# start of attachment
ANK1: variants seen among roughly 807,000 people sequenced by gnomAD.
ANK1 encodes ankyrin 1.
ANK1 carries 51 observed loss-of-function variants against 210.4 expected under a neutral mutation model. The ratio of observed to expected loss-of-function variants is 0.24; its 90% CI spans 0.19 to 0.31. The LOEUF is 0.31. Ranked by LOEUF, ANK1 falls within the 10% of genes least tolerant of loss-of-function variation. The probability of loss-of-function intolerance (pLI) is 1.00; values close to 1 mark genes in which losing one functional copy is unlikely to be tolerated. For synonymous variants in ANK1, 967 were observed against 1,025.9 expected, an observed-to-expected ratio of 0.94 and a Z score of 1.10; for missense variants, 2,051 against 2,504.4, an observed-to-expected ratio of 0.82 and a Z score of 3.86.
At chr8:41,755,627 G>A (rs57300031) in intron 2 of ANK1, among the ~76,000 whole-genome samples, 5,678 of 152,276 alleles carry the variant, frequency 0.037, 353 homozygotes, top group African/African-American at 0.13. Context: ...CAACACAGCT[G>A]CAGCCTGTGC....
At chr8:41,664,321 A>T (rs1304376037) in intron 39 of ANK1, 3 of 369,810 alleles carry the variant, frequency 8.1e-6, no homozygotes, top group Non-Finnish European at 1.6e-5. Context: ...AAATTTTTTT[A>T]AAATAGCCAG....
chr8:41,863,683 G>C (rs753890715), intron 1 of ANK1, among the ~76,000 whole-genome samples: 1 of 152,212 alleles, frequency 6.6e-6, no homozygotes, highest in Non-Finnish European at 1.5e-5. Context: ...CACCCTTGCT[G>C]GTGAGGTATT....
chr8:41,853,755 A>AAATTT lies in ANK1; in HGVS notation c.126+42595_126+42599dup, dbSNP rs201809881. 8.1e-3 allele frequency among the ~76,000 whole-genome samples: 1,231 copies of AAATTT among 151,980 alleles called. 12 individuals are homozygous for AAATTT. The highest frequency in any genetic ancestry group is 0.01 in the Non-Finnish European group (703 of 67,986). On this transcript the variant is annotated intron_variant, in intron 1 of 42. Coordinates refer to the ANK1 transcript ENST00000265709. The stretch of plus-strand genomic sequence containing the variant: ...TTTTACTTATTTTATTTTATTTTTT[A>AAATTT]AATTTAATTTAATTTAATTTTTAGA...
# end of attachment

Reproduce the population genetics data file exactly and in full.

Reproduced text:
ANK1: variants seen among roughly 807,000 people sequenced by gnomAD.
ANK1 encodes ankyrin 1.
ANK1 carries 51 observed loss-of-function variants against 210.4 expected under a neutral mutation model. The ratio of observed to expected loss-of-function variants is 0.24; its 90% CI spans 0.19 to 0.31. The LOEUF is 0.31. Ranked by LOEUF, ANK1 falls within the 10% of genes least tolerant of loss-of-function variation. The probability of loss-of-function intolerance (pLI) is 1.00; values close to 1 mark genes in which losing one functional copy is unlikely to be tolerated. For synonymous variants in ANK1, 967 were observed against 1,025.9 expected, an observed-to-expected ratio of 0.94 and a Z score of 1.10; for missense variants, 2,051 against 2,504.4, an observed-to-expected ratio of 0.82 and a Z score of 3.86.
At chr8:41,755,627 G>A (rs57300031) in intron 2 of ANK1, among the ~76,000 whole-genome samples, 5,678 of 152,276 alleles carry the variant, frequency 0.037, 353 homozygotes, top group African/African-American at 0.13. Context: ...CAACACAGCT[G>A]CAGCCTGTGC....
At chr8:41,664,321 A>T (rs1304376037) in intron 39 of ANK1, 3 of 369,810 alleles carry the variant, frequency 8.1e-6, no homozygotes, top group Non-Finnish European at 1.6e-5. Context: ...AAATTTTTTT[A>T]AAATAGCCAG....
chr8:41,863,683 G>C (rs753890715), intron 1 of ANK1, among the ~76,000 whole-genome samples: 1 of 152,212 alleles, frequency 6.6e-6, no homozygotes, highest in Non-Finnish European at 1.5e-5. Context: ...CACCCTTGCT[G>C]GTGAGGTATT....
chr8:41,853,755 A>AAATTT lies in ANK1; in HGVS notation c.126+42595_126+42599dup, dbSNP rs201809881. 8.1e-3 allele frequency among the ~76,000 whole-genome samples: 1,231 copies of AAATTT among 151,980 alleles called. 12 individuals are homozygous for AAATTT. The highest frequency in any genetic ancestry group is 0.01 in the Non-Finnish European group (703 of 67,986). On this transcript the variant is annotated intron_variant, in intron 1 of 42. Coordinates refer to the ANK1 transcript ENST00000265709. The stretch of plus-strand genomic sequence containing the variant: ...TTTTACTTATTTTATTTTATTTTTT[A>AAATTT]AATTTAATTTAATTTAATTTTTAGA...